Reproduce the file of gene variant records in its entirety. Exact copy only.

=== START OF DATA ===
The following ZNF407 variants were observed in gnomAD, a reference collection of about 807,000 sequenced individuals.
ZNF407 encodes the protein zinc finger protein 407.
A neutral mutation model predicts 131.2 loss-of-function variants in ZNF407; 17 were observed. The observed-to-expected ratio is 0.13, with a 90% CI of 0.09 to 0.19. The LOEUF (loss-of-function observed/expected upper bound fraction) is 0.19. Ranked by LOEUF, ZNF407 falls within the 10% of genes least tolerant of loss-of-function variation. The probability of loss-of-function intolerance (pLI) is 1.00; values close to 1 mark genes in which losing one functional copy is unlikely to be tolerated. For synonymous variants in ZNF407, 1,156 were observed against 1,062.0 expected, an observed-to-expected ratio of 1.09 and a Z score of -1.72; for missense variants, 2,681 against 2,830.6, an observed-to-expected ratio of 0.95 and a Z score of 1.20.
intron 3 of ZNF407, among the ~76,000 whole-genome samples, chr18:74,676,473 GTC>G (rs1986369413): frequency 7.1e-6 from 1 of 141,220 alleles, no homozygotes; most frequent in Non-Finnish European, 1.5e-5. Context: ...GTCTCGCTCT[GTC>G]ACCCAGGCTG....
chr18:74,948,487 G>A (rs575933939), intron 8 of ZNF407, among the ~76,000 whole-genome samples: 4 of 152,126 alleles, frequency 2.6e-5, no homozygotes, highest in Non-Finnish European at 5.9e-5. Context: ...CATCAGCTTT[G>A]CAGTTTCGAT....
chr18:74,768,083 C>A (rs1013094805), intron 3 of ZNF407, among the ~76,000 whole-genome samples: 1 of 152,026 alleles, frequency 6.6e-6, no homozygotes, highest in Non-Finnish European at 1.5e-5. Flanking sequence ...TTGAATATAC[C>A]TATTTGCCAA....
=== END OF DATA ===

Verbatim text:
The following ZNF407 variants were observed in gnomAD, a reference collection of about 807,000 sequenced individuals.
ZNF407 encodes the protein zinc finger protein 407.
A neutral mutation model predicts 131.2 loss-of-function variants in ZNF407; 17 were observed. The observed-to-expected ratio is 0.13, with a 90% CI of 0.09 to 0.19. The LOEUF (loss-of-function observed/expected upper bound fraction) is 0.19. Ranked by LOEUF, ZNF407 falls within the 10% of genes least tolerant of loss-of-function variation. The probability of loss-of-function intolerance (pLI) is 1.00; values close to 1 mark genes in which losing one functional copy is unlikely to be tolerated. For synonymous variants in ZNF407, 1,156 were observed against 1,062.0 expected, an observed-to-expected ratio of 1.09 and a Z score of -1.72; for missense variants, 2,681 against 2,830.6, an observed-to-expected ratio of 0.95 and a Z score of 1.20.
intron 3 of ZNF407, among the ~76,000 whole-genome samples, chr18:74,676,473 GTC>G (rs1986369413): frequency 7.1e-6 from 1 of 141,220 alleles, no homozygotes; most frequent in Non-Finnish European, 1.5e-5. Context: ...GTCTCGCTCT[GTC>G]ACCCAGGCTG....
chr18:74,948,487 G>A (rs575933939), intron 8 of ZNF407, among the ~76,000 whole-genome samples: 4 of 152,126 alleles, frequency 2.6e-5, no homozygotes, highest in Non-Finnish European at 5.9e-5. Context: ...CATCAGCTTT[G>A]CAGTTTCGAT....
chr18:74,768,083 C>A (rs1013094805), intron 3 of ZNF407, among the ~76,000 whole-genome samples: 1 of 152,026 alleles, frequency 6.6e-6, no homozygotes, highest in Non-Finnish European at 1.5e-5. Flanking sequence ...TTGAATATAC[C>A]TATTTGCCAA....